The U.S. Department of State—Bureau of Consular Affairs has published a Visa Bulletin for April 2021, allowing waiting Chinese and Vietnamese EB-5 investment participants to gain another glimpse into the state of the EB-5 backlogs. The Visa Bulletin provides good news for those from Vietnam with EB5 investments, but the situation is hairier for Chinese nationals.
Final action date movement has been slow in FY2021, despite the massive uptick in available visas that were recycled over from family-based immigration programs at the end of FY2020. Though the EB-5 Immigrant Investor Program has the capacity to grant nearly double the usual number of visas in FY2021, United States Citizenship and Immigrant Services (USCIS) has been reluctant to move the final action dates forward and actually issue these available visas, leading to fears that thousands of EB-5 visas will go to waste. However, if the U.S. Citizenship Act of 2021, a bill proposed by the Biden administration, is passed, it will allow immigration programs to retain allocated visas that they did not issue during a fiscal year, enabling the EB-5 program to save these valuable visas.
Chinese nationals involved in an EB-5 investment would particularly benefit from the retention of these visas. Chinese EB-5 investors have been subject to lengthy wait times since the emergence of the Chinese backlog in 2014, and the wait times have only gotten longer over the years. Now, hampered by the destruction caused by the COVID-19 pandemic, the Chinese final action date has remained motionless since September 2020, and unfortunately, it’s likely to stay that way for the rest of FY2021, according to Charles Oppenheim, who oversees the Visa Control and Reporting Division at the U.S. Department of State. Of the estimated 6,000 Chinese EB5 investment participants and their family members with I-526 petition approval and a current priority date awaiting visas as of November 2020, only 3,000 are estimated to receive a coveted EB-5 visa in FY2021.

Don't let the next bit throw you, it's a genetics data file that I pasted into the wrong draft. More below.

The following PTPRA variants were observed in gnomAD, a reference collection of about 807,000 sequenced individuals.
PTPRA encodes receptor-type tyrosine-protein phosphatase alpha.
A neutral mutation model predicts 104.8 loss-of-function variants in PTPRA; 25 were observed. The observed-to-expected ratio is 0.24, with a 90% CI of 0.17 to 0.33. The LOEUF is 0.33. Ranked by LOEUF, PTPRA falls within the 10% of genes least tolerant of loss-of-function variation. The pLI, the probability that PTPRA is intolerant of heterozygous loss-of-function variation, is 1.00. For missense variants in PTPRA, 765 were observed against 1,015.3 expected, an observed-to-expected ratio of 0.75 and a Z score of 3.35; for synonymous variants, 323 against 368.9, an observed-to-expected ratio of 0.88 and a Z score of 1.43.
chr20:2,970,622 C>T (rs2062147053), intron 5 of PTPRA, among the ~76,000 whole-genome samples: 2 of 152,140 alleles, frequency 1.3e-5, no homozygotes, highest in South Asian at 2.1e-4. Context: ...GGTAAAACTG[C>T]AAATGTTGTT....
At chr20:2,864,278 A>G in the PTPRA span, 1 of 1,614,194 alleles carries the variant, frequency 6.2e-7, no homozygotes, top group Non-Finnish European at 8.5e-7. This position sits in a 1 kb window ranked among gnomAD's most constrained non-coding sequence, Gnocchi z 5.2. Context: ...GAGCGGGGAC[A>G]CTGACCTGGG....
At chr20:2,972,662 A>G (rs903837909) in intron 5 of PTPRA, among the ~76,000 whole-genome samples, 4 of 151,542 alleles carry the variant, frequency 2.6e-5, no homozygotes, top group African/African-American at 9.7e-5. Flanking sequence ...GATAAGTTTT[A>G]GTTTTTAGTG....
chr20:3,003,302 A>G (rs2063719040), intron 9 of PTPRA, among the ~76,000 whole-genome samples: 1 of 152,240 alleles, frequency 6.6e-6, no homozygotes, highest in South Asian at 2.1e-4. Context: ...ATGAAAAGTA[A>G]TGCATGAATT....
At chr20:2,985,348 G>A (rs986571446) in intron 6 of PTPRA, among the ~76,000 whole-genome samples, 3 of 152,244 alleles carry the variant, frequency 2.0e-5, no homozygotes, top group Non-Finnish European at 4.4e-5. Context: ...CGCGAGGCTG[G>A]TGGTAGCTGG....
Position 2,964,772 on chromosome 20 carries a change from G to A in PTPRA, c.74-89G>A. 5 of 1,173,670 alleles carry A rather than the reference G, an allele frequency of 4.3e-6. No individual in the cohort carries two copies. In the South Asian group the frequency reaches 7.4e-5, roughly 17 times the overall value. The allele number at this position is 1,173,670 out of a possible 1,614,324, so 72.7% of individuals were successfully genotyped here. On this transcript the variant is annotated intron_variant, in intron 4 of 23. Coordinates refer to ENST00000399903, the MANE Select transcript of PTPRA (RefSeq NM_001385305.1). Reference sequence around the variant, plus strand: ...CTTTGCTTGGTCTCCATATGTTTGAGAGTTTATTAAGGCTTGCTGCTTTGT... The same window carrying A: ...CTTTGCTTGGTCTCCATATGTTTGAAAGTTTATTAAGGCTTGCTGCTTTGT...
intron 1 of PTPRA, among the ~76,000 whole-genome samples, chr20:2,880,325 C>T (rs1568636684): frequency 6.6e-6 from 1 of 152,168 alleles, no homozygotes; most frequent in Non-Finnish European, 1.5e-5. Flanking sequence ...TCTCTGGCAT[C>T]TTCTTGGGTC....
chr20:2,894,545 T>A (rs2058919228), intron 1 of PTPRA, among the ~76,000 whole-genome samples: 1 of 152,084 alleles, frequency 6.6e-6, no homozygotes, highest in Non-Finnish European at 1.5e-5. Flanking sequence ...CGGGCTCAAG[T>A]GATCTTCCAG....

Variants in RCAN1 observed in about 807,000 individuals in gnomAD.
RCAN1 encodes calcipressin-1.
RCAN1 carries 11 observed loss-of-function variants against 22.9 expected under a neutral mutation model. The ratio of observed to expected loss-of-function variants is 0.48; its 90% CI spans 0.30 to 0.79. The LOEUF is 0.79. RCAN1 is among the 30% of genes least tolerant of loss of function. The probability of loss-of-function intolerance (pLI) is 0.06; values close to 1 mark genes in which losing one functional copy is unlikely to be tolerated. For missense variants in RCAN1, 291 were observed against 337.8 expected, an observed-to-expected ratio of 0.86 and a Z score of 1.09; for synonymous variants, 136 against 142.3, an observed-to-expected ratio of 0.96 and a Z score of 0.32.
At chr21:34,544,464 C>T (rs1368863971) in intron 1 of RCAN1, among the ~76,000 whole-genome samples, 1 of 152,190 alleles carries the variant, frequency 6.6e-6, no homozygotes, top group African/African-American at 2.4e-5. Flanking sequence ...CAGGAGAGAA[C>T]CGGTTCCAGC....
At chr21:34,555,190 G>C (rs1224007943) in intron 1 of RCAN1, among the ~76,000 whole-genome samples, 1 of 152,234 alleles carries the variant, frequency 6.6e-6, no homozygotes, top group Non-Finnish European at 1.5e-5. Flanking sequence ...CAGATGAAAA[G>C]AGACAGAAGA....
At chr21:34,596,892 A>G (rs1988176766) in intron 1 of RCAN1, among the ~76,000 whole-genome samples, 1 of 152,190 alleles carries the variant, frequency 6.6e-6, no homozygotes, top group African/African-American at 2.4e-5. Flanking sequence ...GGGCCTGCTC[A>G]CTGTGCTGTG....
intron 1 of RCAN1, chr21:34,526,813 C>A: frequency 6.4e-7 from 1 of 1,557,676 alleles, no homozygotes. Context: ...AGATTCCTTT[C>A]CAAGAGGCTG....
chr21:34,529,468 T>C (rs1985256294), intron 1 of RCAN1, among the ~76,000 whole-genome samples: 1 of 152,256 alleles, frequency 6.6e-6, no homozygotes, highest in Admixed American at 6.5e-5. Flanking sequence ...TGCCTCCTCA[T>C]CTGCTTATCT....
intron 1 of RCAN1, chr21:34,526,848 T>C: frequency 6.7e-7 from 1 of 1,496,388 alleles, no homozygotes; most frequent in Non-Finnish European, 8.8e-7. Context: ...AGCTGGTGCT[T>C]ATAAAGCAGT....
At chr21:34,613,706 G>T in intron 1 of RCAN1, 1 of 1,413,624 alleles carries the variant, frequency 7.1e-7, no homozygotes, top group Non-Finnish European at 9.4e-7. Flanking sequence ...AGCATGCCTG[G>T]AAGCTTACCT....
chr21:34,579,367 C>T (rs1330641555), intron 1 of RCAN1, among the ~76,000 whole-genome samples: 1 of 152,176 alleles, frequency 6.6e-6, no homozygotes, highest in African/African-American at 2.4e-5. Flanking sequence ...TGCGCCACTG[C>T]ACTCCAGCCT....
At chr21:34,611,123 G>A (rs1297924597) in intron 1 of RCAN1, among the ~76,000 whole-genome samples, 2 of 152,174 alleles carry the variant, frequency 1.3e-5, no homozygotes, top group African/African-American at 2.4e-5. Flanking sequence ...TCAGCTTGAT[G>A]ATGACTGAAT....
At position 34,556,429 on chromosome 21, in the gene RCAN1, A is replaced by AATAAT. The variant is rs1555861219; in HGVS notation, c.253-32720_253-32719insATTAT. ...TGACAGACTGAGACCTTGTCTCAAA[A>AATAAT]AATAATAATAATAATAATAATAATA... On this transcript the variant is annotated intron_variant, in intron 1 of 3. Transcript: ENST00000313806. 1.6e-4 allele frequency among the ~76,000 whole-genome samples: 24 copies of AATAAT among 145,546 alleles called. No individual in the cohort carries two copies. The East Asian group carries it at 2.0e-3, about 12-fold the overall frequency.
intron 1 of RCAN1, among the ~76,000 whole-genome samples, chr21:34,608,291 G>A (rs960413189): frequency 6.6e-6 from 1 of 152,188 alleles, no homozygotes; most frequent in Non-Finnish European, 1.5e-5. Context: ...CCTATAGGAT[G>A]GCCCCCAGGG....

China’s final action date is listed as August 15, 2015, in the April 2021 Visa Bulletin—but the problem is that it was in the same position in the September 2020 Visa Bulletin. Eight months later, the Chinese final action date has failed to move by even a single week, plunging Chinese EB-5 investment participants into a wait of unknown duration. The U.S. Citizenship Act of 2021 is the one glimmer of hope on the horizon, as it would not only reuse unissued visas in the next fiscal year but also remove restrictive country-based visa caps and exempt EB-5 investor family members from the pool of available EB-5 visas. If the comprehensive USCIS overhaul comes to pass, the situation for EB5 investment participants—especially those from China—will improve significantly.
As for Vietnamese EB-5 investment participants, the situation is much better, though still far from the much-desired “current” status India has enjoyed since July 2020. Vietnamese EB-5 investors with priority dates earlier than December 15, 2017, can expect to finally move forward with their U.S. permanent residency application, with the final action date advancing nearly two months from the previous October 22, 2017. Does this move signal faster final action date advancement going forward? Only time will tell.
While Chinese EB-5 investors whose priority date is later than August 15, 2015, are not eligible to receive EB-5 visas—and likely won’t be for quite a while—those whose priority date is later than December 15, 2015, are not even permitted to file for their visa. Thousands of Chinese nationals with active EB-5 investments have been waiting nearly five and a half years just to submit their EB-5 visa application, and with the grim prediction from Oppenheim, that may well turn into an entire six years. The Chinese date for filing has not budged since March 2020, largely seen as the beginning of the COVID-19 crisis, and it likely won’t move before the Chinese final action date does, so Chinese EB-5 investors can expect their long wait to continue a while yet.